Will the real Illinois state school board please stand up?
That's the question an Illinois Senate committee raised last week when it held up the appointments of four potential board members while advancing the nominations of five appointees. Now, nobody is sure who makes up the panel.
A law approved last year required Gov. Jim Edgar to reconstitute the board, shrinking it from 17 members to nine. But the Republican governor's appointments must be confirmed by the Republican Senate, where some members are at odds with the governor over the fate of state schools Superintendent Joseph Spagnolo.
An internal audit last fall questioned some of the superintendent's expense-account reimbursements and his hiring of foreign consultants without bids. Despite the audit, the old board voted 11-1 to give Mr. Spagnolo a raise and extend his contract. But several Republican leaders in the Senate said they hoped the new board would discipline or fire the superintendent.
Some of the governor's choices for the panel, however, do not seem to have the same priority.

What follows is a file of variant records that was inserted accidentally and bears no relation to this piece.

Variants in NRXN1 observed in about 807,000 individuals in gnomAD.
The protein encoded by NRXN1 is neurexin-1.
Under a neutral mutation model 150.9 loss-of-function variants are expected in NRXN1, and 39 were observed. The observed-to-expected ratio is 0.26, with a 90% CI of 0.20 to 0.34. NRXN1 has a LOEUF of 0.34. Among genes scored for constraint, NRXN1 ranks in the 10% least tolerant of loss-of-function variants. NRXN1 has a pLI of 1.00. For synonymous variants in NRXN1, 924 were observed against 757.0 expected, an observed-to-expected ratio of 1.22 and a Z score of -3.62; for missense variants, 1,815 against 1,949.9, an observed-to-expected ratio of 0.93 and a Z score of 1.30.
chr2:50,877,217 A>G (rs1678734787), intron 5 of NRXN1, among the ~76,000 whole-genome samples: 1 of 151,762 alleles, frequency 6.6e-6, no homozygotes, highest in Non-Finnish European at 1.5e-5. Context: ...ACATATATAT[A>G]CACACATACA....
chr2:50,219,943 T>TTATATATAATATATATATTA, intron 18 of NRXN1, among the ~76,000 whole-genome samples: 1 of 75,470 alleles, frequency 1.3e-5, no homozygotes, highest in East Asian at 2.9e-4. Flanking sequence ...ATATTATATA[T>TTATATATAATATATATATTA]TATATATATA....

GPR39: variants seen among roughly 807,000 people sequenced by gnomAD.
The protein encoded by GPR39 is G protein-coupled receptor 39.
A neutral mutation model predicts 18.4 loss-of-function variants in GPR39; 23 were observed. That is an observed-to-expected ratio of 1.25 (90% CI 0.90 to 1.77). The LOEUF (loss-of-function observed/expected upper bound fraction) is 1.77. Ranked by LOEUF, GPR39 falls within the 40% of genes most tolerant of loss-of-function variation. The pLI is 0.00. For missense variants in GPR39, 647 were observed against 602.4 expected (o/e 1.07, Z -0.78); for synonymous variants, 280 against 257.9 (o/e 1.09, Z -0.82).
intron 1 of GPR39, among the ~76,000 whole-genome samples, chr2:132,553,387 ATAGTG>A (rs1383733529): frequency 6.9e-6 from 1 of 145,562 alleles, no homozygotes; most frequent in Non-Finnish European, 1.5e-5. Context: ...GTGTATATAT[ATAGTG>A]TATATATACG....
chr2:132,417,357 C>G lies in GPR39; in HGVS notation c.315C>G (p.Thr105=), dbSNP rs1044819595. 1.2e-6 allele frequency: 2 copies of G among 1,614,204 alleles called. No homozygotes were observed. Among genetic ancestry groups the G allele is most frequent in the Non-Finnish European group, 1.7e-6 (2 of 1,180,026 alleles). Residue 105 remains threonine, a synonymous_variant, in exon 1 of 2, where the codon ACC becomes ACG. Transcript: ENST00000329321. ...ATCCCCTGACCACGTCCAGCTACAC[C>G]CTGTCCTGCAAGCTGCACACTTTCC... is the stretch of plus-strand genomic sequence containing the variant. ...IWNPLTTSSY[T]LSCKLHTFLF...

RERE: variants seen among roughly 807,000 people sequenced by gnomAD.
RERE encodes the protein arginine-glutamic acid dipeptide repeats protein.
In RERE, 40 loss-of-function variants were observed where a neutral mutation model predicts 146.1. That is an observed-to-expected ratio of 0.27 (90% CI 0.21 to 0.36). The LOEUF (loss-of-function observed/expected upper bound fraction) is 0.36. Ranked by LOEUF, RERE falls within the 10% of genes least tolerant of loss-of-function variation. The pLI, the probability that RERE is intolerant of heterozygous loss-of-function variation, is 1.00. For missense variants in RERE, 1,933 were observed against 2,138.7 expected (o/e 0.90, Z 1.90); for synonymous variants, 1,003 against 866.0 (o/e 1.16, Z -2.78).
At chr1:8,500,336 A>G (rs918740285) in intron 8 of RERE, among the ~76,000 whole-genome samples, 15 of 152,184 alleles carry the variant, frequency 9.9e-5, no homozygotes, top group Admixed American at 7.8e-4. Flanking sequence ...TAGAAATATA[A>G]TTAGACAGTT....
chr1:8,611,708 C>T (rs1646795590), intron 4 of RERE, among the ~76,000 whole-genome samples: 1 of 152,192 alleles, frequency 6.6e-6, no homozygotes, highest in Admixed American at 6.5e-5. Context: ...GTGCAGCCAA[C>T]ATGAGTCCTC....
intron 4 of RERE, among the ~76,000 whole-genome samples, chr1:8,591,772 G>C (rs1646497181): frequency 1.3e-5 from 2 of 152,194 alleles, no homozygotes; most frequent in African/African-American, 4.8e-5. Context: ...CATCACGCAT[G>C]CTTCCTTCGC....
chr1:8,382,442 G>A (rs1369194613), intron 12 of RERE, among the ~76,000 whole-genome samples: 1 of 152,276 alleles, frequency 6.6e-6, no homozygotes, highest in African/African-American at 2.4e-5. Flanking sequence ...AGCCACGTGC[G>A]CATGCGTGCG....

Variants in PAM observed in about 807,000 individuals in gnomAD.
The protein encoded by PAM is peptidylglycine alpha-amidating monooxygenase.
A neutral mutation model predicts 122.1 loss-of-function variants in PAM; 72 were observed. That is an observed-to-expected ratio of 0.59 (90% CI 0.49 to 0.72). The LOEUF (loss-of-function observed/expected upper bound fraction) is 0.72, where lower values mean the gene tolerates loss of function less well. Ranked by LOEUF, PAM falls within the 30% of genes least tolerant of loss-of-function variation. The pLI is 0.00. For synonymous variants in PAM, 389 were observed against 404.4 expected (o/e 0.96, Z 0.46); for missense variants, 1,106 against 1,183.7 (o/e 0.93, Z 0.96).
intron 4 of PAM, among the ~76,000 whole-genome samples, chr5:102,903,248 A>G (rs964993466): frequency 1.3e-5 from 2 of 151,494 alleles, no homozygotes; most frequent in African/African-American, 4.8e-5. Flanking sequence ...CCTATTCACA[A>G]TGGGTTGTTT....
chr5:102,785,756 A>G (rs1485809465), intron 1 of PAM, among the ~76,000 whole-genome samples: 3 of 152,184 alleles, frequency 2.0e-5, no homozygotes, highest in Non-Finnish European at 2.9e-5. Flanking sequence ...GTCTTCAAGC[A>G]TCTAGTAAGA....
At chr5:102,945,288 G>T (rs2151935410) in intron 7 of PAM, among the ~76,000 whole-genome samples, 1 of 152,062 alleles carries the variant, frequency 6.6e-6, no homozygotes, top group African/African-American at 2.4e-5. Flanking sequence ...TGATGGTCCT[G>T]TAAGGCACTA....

Sen. J. Bradley Burzynski, a member of the Senate executive-appointments committee, said last week that his committee wants to hold up the appointments until a state audit is released and the four nominees can be questioned about it. But the auditor general's report on the state education department may not be out till spring.
"It boils down to accountability," Sen. Burzynski said. "It's something we have been demanding of our schools, and if we can't hold our state superintendent or school board accountable, we aren't setting a good example."
The governor's education aide said the tiff has continued because Mr. Spagnolo's leading critic on the board was not among the four members reappointed by the governor.
"This was somebody who mattered to them, and this is their way of sending a message," said Allen Grosboll, an aide to the Republican governor.
In the meantime, Republicans say the five members of the board confirmed by the Senate last month now legally make up the board and are considering introducing legislation that would make that official.
Now, until that issue is resolved, Mr. Grosboll lamented, "there's no oversight of the superintendent, of the staff, or any educational policy."